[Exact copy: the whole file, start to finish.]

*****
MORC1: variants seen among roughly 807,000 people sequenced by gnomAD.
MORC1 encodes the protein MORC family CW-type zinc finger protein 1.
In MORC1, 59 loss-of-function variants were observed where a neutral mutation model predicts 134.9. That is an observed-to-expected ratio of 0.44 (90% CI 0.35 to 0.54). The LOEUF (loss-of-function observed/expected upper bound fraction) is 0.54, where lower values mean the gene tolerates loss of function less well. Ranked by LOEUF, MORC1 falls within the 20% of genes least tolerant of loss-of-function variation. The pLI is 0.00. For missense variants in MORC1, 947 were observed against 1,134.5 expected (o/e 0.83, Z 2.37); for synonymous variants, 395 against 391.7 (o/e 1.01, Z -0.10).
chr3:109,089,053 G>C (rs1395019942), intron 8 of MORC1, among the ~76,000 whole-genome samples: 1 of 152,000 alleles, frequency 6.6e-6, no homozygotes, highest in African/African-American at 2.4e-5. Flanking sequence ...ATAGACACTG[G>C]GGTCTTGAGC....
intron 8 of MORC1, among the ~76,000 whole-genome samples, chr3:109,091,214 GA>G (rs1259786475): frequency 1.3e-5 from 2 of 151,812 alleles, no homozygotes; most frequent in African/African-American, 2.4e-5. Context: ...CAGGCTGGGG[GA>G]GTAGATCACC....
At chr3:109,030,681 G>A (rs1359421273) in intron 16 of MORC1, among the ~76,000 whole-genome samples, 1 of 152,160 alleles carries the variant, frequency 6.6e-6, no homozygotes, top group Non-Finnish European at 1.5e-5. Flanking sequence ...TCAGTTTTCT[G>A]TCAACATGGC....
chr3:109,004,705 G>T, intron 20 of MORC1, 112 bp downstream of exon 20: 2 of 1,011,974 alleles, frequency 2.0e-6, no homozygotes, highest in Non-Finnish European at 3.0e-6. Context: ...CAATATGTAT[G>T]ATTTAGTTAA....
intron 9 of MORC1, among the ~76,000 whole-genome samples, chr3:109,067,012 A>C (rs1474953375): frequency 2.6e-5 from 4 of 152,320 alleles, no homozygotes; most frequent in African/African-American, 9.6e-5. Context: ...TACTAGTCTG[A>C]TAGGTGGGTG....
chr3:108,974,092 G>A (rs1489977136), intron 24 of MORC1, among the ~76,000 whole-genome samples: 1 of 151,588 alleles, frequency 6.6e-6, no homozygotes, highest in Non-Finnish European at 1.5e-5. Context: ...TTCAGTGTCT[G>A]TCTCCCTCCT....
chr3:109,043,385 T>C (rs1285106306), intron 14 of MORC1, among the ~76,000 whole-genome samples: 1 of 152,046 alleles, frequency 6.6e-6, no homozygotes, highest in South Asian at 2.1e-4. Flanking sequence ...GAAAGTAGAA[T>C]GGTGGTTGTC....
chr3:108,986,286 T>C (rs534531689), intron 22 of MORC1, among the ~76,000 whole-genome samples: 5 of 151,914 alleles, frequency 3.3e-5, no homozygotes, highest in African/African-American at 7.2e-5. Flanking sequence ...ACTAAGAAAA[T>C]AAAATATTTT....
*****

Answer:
MORC1: variants seen among roughly 807,000 people sequenced by gnomAD.
MORC1 encodes the protein MORC family CW-type zinc finger protein 1.
In MORC1, 59 loss-of-function variants were observed where a neutral mutation model predicts 134.9. That is an observed-to-expected ratio of 0.44 (90% CI 0.35 to 0.54). The LOEUF (loss-of-function observed/expected upper bound fraction) is 0.54, where lower values mean the gene tolerates loss of function less well. Ranked by LOEUF, MORC1 falls within the 20% of genes least tolerant of loss-of-function variation. The pLI is 0.00. For missense variants in MORC1, 947 were observed against 1,134.5 expected (o/e 0.83, Z 2.37); for synonymous variants, 395 against 391.7 (o/e 1.01, Z -0.10).
chr3:109,089,053 G>C (rs1395019942), intron 8 of MORC1, among the ~76,000 whole-genome samples: 1 of 152,000 alleles, frequency 6.6e-6, no homozygotes, highest in African/African-American at 2.4e-5. Flanking sequence ...ATAGACACTG[G>C]GGTCTTGAGC....
intron 8 of MORC1, among the ~76,000 whole-genome samples, chr3:109,091,214 GA>G (rs1259786475): frequency 1.3e-5 from 2 of 151,812 alleles, no homozygotes; most frequent in African/African-American, 2.4e-5. Context: ...CAGGCTGGGG[GA>G]GTAGATCACC....
At chr3:109,030,681 G>A (rs1359421273) in intron 16 of MORC1, among the ~76,000 whole-genome samples, 1 of 152,160 alleles carries the variant, frequency 6.6e-6, no homozygotes, top group Non-Finnish European at 1.5e-5. Flanking sequence ...TCAGTTTTCT[G>A]TCAACATGGC....
chr3:109,004,705 G>T, intron 20 of MORC1, 112 bp downstream of exon 20: 2 of 1,011,974 alleles, frequency 2.0e-6, no homozygotes, highest in Non-Finnish European at 3.0e-6. Context: ...CAATATGTAT[G>T]ATTTAGTTAA....
intron 9 of MORC1, among the ~76,000 whole-genome samples, chr3:109,067,012 A>C (rs1474953375): frequency 2.6e-5 from 4 of 152,320 alleles, no homozygotes; most frequent in African/African-American, 9.6e-5. Context: ...TACTAGTCTG[A>C]TAGGTGGGTG....
chr3:108,974,092 G>A (rs1489977136), intron 24 of MORC1, among the ~76,000 whole-genome samples: 1 of 151,588 alleles, frequency 6.6e-6, no homozygotes, highest in Non-Finnish European at 1.5e-5. Context: ...TTCAGTGTCT[G>A]TCTCCCTCCT....
chr3:109,043,385 T>C (rs1285106306), intron 14 of MORC1, among the ~76,000 whole-genome samples: 1 of 152,046 alleles, frequency 6.6e-6, no homozygotes, highest in South Asian at 2.1e-4. Flanking sequence ...GAAAGTAGAA[T>C]GGTGGTTGTC....
chr3:108,986,286 T>C (rs534531689), intron 22 of MORC1, among the ~76,000 whole-genome samples: 5 of 151,914 alleles, frequency 3.3e-5, no homozygotes, highest in African/African-American at 7.2e-5. Flanking sequence ...ACTAAGAAAA[T>C]AAAATATTTT....